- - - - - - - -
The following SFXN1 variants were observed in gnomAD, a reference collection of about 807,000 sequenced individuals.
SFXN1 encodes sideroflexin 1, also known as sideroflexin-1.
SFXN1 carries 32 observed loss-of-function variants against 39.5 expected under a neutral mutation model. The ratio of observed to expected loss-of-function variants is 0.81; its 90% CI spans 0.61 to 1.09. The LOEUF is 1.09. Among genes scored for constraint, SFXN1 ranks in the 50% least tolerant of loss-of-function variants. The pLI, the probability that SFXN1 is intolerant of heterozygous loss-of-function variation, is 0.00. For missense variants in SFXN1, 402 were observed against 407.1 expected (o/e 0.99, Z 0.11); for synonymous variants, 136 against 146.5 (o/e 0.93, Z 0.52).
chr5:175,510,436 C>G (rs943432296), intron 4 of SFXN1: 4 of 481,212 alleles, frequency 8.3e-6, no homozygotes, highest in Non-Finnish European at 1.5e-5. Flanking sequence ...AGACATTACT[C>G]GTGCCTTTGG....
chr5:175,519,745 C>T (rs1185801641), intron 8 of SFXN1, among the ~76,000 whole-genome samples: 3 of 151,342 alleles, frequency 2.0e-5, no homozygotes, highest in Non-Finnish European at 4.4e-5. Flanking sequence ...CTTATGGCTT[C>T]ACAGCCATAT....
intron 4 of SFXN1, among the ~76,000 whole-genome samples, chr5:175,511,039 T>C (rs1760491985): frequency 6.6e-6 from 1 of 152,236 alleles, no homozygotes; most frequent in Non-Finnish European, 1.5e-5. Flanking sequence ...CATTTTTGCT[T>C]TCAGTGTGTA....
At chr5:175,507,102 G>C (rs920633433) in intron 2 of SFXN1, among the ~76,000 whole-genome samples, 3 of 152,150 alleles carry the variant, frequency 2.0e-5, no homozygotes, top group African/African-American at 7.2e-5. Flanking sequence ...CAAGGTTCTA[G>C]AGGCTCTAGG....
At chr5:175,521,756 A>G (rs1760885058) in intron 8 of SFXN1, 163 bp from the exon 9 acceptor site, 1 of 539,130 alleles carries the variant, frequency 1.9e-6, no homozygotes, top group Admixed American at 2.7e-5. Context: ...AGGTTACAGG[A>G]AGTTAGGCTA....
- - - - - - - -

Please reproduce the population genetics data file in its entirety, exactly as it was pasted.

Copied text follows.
The following SFXN1 variants were observed in gnomAD, a reference collection of about 807,000 sequenced individuals.
SFXN1 encodes sideroflexin 1, also known as sideroflexin-1.
SFXN1 carries 32 observed loss-of-function variants against 39.5 expected under a neutral mutation model. The ratio of observed to expected loss-of-function variants is 0.81; its 90% CI spans 0.61 to 1.09. The LOEUF is 1.09. Among genes scored for constraint, SFXN1 ranks in the 50% least tolerant of loss-of-function variants. The pLI, the probability that SFXN1 is intolerant of heterozygous loss-of-function variation, is 0.00. For missense variants in SFXN1, 402 were observed against 407.1 expected (o/e 0.99, Z 0.11); for synonymous variants, 136 against 146.5 (o/e 0.93, Z 0.52).
chr5:175,510,436 C>G (rs943432296), intron 4 of SFXN1: 4 of 481,212 alleles, frequency 8.3e-6, no homozygotes, highest in Non-Finnish European at 1.5e-5. Flanking sequence ...AGACATTACT[C>G]GTGCCTTTGG....
chr5:175,519,745 C>T (rs1185801641), intron 8 of SFXN1, among the ~76,000 whole-genome samples: 3 of 151,342 alleles, frequency 2.0e-5, no homozygotes, highest in Non-Finnish European at 4.4e-5. Flanking sequence ...CTTATGGCTT[C>T]ACAGCCATAT....
intron 4 of SFXN1, among the ~76,000 whole-genome samples, chr5:175,511,039 T>C (rs1760491985): frequency 6.6e-6 from 1 of 152,236 alleles, no homozygotes; most frequent in Non-Finnish European, 1.5e-5. Flanking sequence ...CATTTTTGCT[T>C]TCAGTGTGTA....
At chr5:175,507,102 G>C (rs920633433) in intron 2 of SFXN1, among the ~76,000 whole-genome samples, 3 of 152,150 alleles carry the variant, frequency 2.0e-5, no homozygotes, top group African/African-American at 7.2e-5. Flanking sequence ...CAAGGTTCTA[G>C]AGGCTCTAGG....
At chr5:175,521,756 A>G (rs1760885058) in intron 8 of SFXN1, 163 bp from the exon 9 acceptor site, 1 of 539,130 alleles carries the variant, frequency 1.9e-6, no homozygotes, top group Admixed American at 2.7e-5. Context: ...AGGTTACAGG[A>G]AGTTAGGCTA....